The numbers: Home prices in the 20 biggest U.S. metros rose for the tenth month in a row and hit a record high due to a low number of listed homes.
The S&P CoreLogic Case-Shiller 20-city house price index rose 0.1% in November compared to the previous month.
Home prices in the 20 major U.S. metro markets were up 5.4% in the last 12 months ending in November.
A broader measure of home prices, the national index, rose 0.2% in November and was also up 5.1% over the past year. All numbers are seasonally adjusted.
The 20-city and the national index are at an all-time high.
Key details: Detroit posted the biggest year-over-year home-price gains in November. Prices were up 8.2%. The city was the best performing real-estate market for the third month in a row,
Portland was the only city which saw home prices fall in November.
A separate report from the Federal Housing Finance Agency also showed home prices rose 0.3% in November from the last month, and were up 6.6% in the past year.
Big picture: Even though mortgage rates were elevated between October and November — which sapped home-buying demand — the persistent and severe lack of supply of homes for sale has resulted in prices rising yet again.
With an imbalance between demand from home buyers and a reluctance among homeowners to sell and give up their ultra-low rate, the dynamic is likely to persist.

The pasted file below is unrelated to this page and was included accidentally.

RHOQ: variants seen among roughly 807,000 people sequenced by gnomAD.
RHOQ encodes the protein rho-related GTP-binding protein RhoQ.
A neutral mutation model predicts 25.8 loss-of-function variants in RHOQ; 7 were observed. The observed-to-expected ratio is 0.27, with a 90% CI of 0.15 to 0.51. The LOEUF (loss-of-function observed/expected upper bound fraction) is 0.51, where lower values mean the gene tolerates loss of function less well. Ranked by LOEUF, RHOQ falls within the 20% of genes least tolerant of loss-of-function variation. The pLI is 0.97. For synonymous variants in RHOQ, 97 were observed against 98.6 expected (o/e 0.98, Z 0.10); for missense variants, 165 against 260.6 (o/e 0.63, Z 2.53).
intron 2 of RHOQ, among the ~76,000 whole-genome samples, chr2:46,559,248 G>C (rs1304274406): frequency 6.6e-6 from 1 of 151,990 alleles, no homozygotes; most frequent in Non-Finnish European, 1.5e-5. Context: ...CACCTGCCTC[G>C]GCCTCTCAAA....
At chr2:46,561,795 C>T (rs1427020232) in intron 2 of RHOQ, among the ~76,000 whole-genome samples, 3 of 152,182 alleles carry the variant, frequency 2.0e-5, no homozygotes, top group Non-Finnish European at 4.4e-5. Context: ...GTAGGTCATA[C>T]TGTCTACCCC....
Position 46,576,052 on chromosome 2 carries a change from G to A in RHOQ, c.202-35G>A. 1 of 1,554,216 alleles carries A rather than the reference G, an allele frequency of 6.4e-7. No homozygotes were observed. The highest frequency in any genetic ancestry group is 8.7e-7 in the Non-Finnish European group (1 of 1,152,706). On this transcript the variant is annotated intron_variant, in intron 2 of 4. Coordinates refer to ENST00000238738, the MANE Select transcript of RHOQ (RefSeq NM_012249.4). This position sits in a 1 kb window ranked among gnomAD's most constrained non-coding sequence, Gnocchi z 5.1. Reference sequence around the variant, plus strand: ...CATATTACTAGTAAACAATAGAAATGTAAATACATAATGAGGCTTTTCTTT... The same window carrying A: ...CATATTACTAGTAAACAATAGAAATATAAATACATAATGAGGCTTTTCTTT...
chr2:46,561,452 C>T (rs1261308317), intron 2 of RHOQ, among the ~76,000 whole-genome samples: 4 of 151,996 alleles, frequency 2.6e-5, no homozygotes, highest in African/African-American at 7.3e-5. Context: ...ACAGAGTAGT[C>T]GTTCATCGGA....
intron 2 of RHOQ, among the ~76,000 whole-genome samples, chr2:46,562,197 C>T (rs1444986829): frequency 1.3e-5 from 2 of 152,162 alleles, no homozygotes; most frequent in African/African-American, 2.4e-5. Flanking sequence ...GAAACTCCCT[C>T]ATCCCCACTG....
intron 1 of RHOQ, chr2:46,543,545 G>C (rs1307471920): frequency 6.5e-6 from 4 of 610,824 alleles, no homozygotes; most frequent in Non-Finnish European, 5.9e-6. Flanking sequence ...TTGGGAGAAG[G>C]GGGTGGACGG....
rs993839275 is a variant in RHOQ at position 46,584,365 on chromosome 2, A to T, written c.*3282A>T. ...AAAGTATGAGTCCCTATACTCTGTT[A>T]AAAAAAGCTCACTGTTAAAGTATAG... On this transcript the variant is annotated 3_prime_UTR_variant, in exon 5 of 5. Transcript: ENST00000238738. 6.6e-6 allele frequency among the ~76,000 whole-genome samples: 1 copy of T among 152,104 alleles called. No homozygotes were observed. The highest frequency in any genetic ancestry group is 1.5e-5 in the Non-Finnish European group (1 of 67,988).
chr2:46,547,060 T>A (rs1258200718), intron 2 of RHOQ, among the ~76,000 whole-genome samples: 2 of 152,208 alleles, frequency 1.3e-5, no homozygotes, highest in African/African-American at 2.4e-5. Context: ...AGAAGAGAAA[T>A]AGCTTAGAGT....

Particularly since rates have fallen since November and demand has ticked up, home prices will likely continue to march upwards into the new year.
What S&P said: “November’s year-over-year gain saw the largest growth in U.S. home prices in 2023, with our National Composite rising 5.1%,” Brian D. Luke, head of commodities, real and digital assets at S&P DJI, said in a statement.
Most markets are seeing home prices grow, he added. “The days of markets in the South rising double digits with markets in the Midwest remaining flat are over,” Luke said.
And with mortgage rates falling since November, that could “support further annual gains in home prices,” he added.
Looking ahead: “With mortgage rates now lower and spring home buying demand already lurking, home prices will continue to rise,” Selma Hepp, chief economist at CoreLogic, said in a statement.
That’s “especially considering the outsized pent-up demand for homes coming from young buyers, those who have been waiting for lower rates, and huge influx of immigrants over the last couple of years,” she added.
Market reaction: Stocks